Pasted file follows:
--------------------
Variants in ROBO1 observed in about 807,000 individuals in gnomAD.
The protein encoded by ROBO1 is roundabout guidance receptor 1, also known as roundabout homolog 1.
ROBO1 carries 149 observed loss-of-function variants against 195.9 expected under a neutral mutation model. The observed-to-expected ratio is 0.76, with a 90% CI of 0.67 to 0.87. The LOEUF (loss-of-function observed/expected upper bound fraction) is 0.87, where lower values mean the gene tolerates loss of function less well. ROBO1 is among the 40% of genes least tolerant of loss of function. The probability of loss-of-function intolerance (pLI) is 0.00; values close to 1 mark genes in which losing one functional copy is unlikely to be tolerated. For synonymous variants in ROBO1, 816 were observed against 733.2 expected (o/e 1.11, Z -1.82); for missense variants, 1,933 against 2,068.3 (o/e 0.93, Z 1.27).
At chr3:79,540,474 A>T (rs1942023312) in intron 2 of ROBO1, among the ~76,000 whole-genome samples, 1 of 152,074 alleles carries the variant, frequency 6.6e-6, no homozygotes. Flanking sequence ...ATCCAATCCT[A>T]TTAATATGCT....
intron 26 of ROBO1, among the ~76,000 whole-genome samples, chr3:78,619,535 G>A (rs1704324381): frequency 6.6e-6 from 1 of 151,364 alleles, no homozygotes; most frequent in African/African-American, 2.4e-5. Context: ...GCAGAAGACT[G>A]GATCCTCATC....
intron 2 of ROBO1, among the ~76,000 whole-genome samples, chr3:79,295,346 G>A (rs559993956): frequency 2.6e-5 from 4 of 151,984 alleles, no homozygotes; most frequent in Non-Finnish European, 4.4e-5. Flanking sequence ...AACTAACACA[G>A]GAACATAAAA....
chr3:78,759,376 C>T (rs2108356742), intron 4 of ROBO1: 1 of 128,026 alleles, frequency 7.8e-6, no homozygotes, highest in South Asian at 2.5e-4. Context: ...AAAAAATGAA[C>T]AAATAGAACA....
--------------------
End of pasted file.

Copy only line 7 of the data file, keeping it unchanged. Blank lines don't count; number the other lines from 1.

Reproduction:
chr3:78,759,376 C>T (rs2108356742), intron 4 of ROBO1: 1 of 128,026 alleles, frequency 7.8e-6, no homozygotes, highest in South Asian at 2.5e-4. Context: ...AAAAAATGAA[C>T]AAATAGAACA....